Massage Parlor Owner and Trump Access: Mother Jones

Embarrassing sexual behavior can compromise an individual’s ability to handle classified government information, and foreign intelligence agencies strive to identify individual weaknesses in order to obtain sensitive information or disrupt government operations. Police raided a Florida massage parlor in February after the facility was reported to be providing sexual services with women trafficked from China. That specific facility was sold in 2013, but all involved are under scrutiny. The former owner is reported to have multiple ties with China, according to Mother Jones: She “sold Chinese business executives access to President Donald Trump and his family at Mar-a-Lago,” serves as “an officer of two groups with ties to China’s Communist government,” and “founded a Miami-based nonprofit that promotes ‘economic and cultural exchange’ between China and the West in coordination with ‘senior…Chinese leaders’ in the United States, according to a profile… on a Chinese social media platform.” Association with such an individual would raise multiple red flags for any US national security clearance review., but Donald Trump is president and has the power to over-ride any staff concerns. Investigations into Russian meddling in the 2016 presidential campaign also continue. – YaleGlobal

Massage Parlor Owner and Trump Access: Mother Jones

Li Cindy Yang, a Florida massage-parlor owner accused of peddling access to the US president, is reported to have ties to Chinese government-linked groups
Daniel Schulman, David Corn and Dan Friedman
Monday, March 11, 2019


Read the article from Mother Jones about an owner of a massage-parlor chain reported to have ties with Chinese officials while selling access to the US president.

Daniel Schulman is Mother Jones' deputy Washington, DC, bureau chief. Reach him at dschulman (at) Dan is the New York Times best-selling author of Sons of Wichita, a biography of the Koch brothers, now out in paperback.

David Corn is Mother Jones' Washington bureau chief and an on-air analyst for MSNBC. He is the co-author (with Michael Isikoff) ofRussian Roulette: The Inside Story of Putin’s War on America and the Election of Donald Trump. He is the author of three New York Times bestsellers, Showdown, Hubris (with Isikoff), and The Lies of George W. Bush, as well as the e-book, 47 Percent: Uncovering the Romney Video that Rocked the 2012 Election. For more of his stories, click here.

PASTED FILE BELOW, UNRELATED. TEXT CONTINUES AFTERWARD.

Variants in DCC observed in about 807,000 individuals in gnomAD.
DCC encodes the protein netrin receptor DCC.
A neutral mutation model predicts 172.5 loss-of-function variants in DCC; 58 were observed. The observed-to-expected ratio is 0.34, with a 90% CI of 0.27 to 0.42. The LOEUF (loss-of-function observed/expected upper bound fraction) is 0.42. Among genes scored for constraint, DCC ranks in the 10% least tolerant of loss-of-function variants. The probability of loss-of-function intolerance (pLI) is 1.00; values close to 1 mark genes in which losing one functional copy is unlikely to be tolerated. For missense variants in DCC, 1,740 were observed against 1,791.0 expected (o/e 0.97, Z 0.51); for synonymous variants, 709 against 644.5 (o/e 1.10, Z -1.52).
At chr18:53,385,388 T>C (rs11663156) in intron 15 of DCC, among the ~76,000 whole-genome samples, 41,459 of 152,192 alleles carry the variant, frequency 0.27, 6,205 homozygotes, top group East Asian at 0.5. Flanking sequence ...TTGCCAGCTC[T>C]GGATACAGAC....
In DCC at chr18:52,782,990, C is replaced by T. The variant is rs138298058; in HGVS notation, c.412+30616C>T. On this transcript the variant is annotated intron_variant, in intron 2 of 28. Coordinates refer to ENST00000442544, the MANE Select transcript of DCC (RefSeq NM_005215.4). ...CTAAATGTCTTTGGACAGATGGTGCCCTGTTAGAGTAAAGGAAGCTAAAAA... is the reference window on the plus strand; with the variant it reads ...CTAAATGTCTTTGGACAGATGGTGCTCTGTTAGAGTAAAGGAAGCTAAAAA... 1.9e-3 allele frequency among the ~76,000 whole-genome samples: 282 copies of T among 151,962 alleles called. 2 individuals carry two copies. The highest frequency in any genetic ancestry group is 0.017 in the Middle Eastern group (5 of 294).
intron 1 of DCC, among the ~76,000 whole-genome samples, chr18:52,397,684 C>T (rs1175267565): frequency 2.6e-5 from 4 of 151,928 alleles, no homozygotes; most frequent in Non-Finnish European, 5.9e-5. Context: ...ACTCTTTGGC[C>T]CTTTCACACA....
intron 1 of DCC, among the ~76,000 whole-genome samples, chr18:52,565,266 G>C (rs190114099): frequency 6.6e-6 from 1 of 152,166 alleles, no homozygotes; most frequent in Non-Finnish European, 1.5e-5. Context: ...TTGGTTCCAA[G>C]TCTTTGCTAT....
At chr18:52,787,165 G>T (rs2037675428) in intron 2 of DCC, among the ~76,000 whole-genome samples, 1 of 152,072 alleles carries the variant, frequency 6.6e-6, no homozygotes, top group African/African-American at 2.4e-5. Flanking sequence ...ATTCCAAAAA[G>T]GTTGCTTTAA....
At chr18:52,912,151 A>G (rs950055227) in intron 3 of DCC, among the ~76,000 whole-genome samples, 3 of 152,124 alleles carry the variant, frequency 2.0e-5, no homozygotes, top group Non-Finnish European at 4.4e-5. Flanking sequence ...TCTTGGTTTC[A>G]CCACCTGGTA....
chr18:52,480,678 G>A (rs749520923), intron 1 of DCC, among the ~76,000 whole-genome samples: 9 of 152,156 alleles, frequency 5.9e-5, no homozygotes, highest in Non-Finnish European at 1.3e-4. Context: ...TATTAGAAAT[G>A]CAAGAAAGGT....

Dan Friedman is a reporter in Mother Jones' DC bureau.


Red flags on security clearances

Also read the US National Security Adjudicative Guidelines which lay out issues for determining an individual's access to classified information or ability to hold a sensitive position. Any of the following can raise red flags for national security clearances.  The guidelines were signed in December 2016 by James Clapper, former director of US National Intelligence, and effective in June 2017:

Guideline A, Allegiance to the United States: involvement in, support of training, to commit, or advocacy of any act of  sabotage, espionage, treason, terrorism, or sedition. Also, association or sympathy with persons or organizations that advocate, threaten, or use force or violence, or any other illegal or unconstitutional means, in an effort to overthrow or influence the US Government or any state or local government; prevent government personnel from performing their official duties; prevent others from exercising their rights under the Constitution or laws of the United States or of any state.  

Guideline B, Foreign Influence: failure to report or fully disclose, when required, association with a foreign person, group, government, or country; substantial business, finance, or property interests in a foreign country; conduct that may make the individual vulnerable to exploitation, pressure, or coercion by a foreign person, group, government, or country.

Guideline C, Foreign Preference: When an individual acts in such a way to indicate a preference for a foreign country over the United States, then he or she may provide information or make decisions that are harmful to US interests.

Guideline D, Sexual Behavior:  Sexual behavior that involves a criminal offense; reflects a lack of judgment or discretion; or may subject the individual to undue influence of coercion, exploitation, or duress. These issues, together or individually, may raise questions about an individual’s judgment, reliability, trustworthiness, and ability to protect classified or sensitive information. Sexual behavior includes conduct occurring in person or via audio, visual, electronic, or written transmission.  No adverse inference concerning the standards in this guideline may be raised solely on the basis of the sexual orientation of the individual.

Guideline E, Personal Conduct: Conduct involving questionable judgment, lack of candor dishonesty, or unwillingness to comply with rules and regulations.

Guideline F, Financial Considerations: Failure to live within one’s means, satisfy debts, and meet financial obligations may indicate poor self-control, lack of judgment, or unwillingness to abide by rules and regulations.

Guideline G, Alcohol Consumption: Excessive alcohol consumption often leads to the exercise of questionable judgment or the failure to control impulses.

Guideline H, Drug Involvement and Substance Misuse

Guideline I, Some Psychological Conditions

Guideline J, Criminal Conduct

Guideline K, Improper Handling of Protected Information

Guideline L, Certain types of outside activities

Guideline M, Improper use of information technology

Any of these issues can raise questions about an individual's reliability, trustworthiness, and ability to protect classified or sensitive information


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